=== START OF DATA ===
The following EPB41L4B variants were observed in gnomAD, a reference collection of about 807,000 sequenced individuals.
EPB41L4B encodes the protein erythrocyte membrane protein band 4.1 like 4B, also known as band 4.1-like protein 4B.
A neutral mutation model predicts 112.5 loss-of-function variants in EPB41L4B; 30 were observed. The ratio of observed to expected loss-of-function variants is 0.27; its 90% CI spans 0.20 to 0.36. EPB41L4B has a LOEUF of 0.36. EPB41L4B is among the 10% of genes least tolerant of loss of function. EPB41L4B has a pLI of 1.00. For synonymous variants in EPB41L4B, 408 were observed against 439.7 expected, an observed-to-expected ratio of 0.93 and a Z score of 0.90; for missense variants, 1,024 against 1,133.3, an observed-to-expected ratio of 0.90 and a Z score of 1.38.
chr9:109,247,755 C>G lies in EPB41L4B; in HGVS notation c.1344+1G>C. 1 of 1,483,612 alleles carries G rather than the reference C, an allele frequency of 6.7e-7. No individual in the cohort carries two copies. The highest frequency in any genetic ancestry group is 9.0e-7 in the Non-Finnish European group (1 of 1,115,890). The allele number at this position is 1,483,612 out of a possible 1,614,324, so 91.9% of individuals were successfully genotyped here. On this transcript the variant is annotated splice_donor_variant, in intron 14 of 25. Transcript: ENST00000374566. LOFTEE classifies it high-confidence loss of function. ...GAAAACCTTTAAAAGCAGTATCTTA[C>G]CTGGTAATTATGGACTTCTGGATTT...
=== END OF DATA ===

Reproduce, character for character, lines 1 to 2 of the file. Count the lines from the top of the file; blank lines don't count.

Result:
The following EPB41L4B variants were observed in gnomAD, a reference collection of about 807,000 sequenced individuals.
EPB41L4B encodes the protein erythrocyte membrane protein band 4.1 like 4B, also known as band 4.1-like protein 4B.